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by Isabelle Panasi


The Christians of the Middle East are currently on the front page of our newspapers. It seems the Westerner press has just discovered them… and feels sorry for them. However, these Christian peoples, may they be Copts, Assyro-Chaldeo-Syriacs, Armenians, Greeks, Melkites or Maronites, are present in the Middle East for millennia. Indeed, they are the true autochthones of these biblical territories where the Aramaic language was used before the Arabic and the Christendom had created whole civilizations before the Muslim warriors’ conquests.

Today, these Christian peoples are slowly dying. On the one hand, their divisions (actually, there are almost 21 different Eastern Churches) made them weak in front of the various conquests upon them. On the other hand, the emigration rate rose up because of the violence they endure such as kidnappings, threats and attacks. Finally, the ambient Islamism coming from the rich oil countries of the Gulf does not accept any other ideology than the one prescribed by the caliphate.

Iraq, cradle of the three greatest monotheist religions of the world, is victim of the war since more than 10 years. Indeed, during the “Operation Iraqi Freedom”, the Bush government wanted to bring the light in the darkness and put democracy in place of authoritarian regime. However, the Pax Americana led to anything else than an economic, political and humanitarian disorder.

Unfortunately, the Islamic group Daesh could in a few years be organized in a true army able to restore a caliphate and spread the terror among the population. While these lines are being written, they detain almost half of the Iraqi territory. Many Saddam Hussein’s former soldiers supported the cause which targeted Baghdad. The world has reacted but too slowly…

Of course, the whole Iraqi population is victim of this new totalitarian State but the Christians, as minority, are currently in a terrific situation. As a matter of fact, if five thousand Muslims exile, they will still remain the majority. However, regarding the Christians, if five thousand depart, whole villages will be emptied of its population.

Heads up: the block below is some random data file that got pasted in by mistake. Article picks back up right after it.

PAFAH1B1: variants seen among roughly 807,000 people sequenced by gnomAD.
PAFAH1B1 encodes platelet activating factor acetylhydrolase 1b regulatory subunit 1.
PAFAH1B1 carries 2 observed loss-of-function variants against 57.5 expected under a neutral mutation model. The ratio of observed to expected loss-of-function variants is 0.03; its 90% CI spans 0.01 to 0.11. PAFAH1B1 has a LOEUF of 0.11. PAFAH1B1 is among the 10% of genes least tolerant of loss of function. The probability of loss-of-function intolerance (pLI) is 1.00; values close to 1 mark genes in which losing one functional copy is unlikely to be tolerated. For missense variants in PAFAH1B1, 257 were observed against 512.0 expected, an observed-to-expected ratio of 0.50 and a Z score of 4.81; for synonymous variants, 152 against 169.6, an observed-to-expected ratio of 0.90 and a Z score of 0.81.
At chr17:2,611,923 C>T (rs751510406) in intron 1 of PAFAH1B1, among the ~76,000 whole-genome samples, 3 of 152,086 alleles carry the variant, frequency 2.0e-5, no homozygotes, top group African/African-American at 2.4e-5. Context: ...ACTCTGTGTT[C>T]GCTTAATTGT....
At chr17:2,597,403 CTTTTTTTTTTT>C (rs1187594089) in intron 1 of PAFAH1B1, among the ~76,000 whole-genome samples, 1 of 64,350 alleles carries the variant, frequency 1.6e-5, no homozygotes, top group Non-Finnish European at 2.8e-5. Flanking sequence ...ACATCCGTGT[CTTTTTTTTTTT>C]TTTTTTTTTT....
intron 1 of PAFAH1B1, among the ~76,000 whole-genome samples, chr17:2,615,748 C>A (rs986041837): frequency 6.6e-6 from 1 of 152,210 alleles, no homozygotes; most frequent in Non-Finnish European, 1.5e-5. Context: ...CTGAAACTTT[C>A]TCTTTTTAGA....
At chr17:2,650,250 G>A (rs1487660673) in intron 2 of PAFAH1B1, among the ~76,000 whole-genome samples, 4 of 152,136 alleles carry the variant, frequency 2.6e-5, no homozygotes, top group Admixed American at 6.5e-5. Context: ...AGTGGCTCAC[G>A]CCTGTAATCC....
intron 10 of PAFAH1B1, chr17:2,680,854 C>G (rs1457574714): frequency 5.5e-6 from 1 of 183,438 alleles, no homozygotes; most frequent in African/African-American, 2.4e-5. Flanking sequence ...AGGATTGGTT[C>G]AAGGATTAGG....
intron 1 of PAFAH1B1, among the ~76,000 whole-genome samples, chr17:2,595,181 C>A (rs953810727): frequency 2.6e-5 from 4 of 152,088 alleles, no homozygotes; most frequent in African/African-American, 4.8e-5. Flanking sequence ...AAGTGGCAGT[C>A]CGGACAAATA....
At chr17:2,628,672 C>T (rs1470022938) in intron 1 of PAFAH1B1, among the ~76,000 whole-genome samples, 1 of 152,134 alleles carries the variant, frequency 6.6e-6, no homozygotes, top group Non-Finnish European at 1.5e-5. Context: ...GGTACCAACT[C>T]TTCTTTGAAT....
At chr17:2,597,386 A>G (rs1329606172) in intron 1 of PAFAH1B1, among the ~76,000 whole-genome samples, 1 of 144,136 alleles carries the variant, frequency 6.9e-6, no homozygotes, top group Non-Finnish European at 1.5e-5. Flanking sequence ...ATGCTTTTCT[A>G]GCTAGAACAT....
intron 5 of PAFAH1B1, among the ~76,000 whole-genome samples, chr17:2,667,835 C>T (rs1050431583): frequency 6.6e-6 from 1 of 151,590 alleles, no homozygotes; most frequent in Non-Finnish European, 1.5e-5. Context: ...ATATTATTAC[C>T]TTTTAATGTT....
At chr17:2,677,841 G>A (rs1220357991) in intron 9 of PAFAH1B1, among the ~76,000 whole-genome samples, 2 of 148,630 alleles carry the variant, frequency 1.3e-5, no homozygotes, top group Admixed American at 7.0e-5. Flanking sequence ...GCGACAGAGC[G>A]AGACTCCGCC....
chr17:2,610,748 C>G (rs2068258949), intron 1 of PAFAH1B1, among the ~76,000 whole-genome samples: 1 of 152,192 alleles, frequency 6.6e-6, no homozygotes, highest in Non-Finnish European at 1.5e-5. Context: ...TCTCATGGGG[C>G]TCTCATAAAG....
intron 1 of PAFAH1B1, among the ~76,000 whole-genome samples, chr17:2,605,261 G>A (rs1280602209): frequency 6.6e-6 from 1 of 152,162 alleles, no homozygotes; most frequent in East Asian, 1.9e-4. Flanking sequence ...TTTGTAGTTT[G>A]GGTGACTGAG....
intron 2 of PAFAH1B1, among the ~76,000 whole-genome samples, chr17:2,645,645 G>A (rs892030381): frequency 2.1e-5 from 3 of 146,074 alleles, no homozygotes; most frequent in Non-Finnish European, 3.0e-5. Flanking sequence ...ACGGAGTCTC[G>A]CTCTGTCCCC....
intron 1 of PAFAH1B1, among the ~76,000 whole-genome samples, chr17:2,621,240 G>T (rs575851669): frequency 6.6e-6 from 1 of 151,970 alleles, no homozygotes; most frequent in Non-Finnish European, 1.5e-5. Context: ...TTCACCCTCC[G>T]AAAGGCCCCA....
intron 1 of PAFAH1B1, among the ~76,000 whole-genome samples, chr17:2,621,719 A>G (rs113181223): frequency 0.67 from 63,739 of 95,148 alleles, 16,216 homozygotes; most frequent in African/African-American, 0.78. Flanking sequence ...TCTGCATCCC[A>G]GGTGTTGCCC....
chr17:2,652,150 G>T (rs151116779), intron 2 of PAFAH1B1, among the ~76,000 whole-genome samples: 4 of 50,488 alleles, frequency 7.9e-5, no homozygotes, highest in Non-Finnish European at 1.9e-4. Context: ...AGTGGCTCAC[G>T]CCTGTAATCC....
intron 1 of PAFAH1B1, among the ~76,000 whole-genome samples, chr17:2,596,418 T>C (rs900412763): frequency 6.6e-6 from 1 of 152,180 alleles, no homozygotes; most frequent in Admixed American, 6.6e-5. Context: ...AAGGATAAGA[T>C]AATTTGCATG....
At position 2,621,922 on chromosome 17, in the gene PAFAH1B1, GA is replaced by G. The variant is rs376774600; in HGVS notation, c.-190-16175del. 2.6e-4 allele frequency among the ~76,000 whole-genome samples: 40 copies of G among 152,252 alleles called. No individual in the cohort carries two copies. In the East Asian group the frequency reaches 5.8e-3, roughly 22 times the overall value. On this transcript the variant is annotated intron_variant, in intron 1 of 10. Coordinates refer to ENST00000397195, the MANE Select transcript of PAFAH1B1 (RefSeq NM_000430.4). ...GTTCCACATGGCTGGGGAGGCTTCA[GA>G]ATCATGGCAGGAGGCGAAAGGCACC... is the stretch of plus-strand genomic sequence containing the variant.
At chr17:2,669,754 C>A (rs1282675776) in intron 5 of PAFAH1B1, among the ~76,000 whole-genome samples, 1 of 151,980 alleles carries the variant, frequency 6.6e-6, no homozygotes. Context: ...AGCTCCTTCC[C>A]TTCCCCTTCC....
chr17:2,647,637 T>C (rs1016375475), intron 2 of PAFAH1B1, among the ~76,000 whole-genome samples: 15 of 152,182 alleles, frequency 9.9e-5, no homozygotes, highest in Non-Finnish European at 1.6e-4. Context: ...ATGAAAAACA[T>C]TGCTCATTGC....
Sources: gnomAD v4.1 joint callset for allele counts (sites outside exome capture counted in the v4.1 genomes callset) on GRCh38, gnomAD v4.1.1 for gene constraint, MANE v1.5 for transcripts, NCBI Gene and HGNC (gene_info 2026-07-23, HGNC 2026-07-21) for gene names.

Every day, the situation is getting worse. The churches are attacked, priests and bishops are killed, Christian women are kidnapped, and the whole Christian population is intimidated. The bloodiest attack took place on the 1st of November 2010 in the Syriac Catholic Church, Our Lady of Perpetual Help, Sayyidat al-Najat, in Baghdad. Partisans of the Islamic group Al Qaida took the lives of 52 believers during the Mass, especially women, children and priests. Furthermore, the height of the discrimination against Christians occurred in Mosul and was to be stigmatized with the letter “noun” (referred to Jesus, from Nazareth) and obliged to paint it on their houses.

In 1987, there were more than 1.4 billion Christian Iraqis. This number has been decreasing to 800 000 in the nineties and 500 000 in 2003. Currently, 350 000 Christians are remaining in Iraq, mostly in the Kurdish region. If this continues, the next twenty years will lead to their complete disappearance in Iraq.

That is why Christians begin to be organized in militias to ensure that their presence on Iraqi ground will not be a souvenir but will be perpetuated for the years to come. They have created small armies to fight against the Daesh such as Dwekh Nawsha and the Nineveh Plain Units. They are however not strong enough. They lack weapons and financial funds. They ask the autonomy of the Nineveh Plain regions to have a limited territory and an international recognition.

Jean-Michel Valognes thought in 1994 that soon there will remain no Christians anymore in the Middle East. He qualified it as “Spiritual Disneyland”, where tourist and vagrants will visit ruins of monasteries, convents, churches and schools, wondering about a distant Christian presence. There will remain of course Christians everywhere in the Eastern region but the wealth of the Eastern Christendom will be lost; this region which welcomed the first Christians, opened the first schools, universities and hospitals, invented the first writing, developed the sciences and the astronomy, translated and transmitted the rich Greek philosophy, was the symbol of civilizations, development and education.

The ethnic diversity in the Middle East has to be taken as a real wealth and not as a vector of conflicts and inequalities. The minorities have to coexist within the region. Indeed the Plural societies have to become Pluralist societies, i.e. to move from coexistence by facts to coexistence by choice. This model of society has to be developed if we want a possible good agreement between ethnos groups and equality in rights and duties between citizens.

The Christians will stay in Iraq but under two conditions. The first one consists of their will to stay and make their cultures survive on their ancestral grounds. The second one would be to give them a real political protection, allowing them to live in security and cultural advancement. It is in reality a challenge for these populations. Only time will tell what it will be.